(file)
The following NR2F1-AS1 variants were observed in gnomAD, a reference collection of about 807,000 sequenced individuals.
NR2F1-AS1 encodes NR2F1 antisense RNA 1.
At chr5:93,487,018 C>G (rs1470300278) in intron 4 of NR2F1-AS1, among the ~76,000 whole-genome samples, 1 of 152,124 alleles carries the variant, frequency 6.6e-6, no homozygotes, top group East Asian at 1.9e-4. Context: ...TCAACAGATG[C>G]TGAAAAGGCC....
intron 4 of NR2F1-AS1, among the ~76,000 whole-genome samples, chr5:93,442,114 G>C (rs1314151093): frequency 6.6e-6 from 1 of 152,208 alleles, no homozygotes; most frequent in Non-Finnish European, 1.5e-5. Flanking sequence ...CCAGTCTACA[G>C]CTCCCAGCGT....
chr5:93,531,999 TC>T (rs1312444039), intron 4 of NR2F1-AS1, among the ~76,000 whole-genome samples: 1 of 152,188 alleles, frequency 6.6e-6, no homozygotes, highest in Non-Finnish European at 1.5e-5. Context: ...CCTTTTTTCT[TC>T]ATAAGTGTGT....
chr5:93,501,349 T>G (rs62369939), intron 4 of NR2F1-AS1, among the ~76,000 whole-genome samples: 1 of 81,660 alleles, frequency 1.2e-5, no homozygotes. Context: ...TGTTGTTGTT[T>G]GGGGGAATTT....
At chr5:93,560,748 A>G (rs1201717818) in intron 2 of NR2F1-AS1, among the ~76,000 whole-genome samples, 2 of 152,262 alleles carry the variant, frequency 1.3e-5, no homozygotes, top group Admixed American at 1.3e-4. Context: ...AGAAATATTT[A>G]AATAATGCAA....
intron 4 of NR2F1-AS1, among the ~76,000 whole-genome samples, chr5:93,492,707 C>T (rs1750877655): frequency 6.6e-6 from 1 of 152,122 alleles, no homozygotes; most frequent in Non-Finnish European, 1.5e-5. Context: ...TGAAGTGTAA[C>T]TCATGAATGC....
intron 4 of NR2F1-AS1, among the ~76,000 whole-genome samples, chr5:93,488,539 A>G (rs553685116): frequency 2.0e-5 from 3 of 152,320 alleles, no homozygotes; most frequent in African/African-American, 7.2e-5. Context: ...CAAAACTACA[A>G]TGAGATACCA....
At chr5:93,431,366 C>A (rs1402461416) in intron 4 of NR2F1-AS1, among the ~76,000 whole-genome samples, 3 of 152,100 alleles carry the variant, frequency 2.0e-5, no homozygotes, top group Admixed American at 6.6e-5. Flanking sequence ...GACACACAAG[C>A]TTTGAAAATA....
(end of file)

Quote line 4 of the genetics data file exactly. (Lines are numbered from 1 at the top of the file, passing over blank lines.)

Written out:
intron 4 of NR2F1-AS1, among the ~76,000 whole-genome samples, chr5:93,442,114 G>C (rs1314151093): frequency 6.6e-6 from 1 of 152,208 alleles, no homozygotes; most frequent in Non-Finnish European, 1.5e-5. Flanking sequence ...CCAGTCTACA[G>C]CTCCCAGCGT....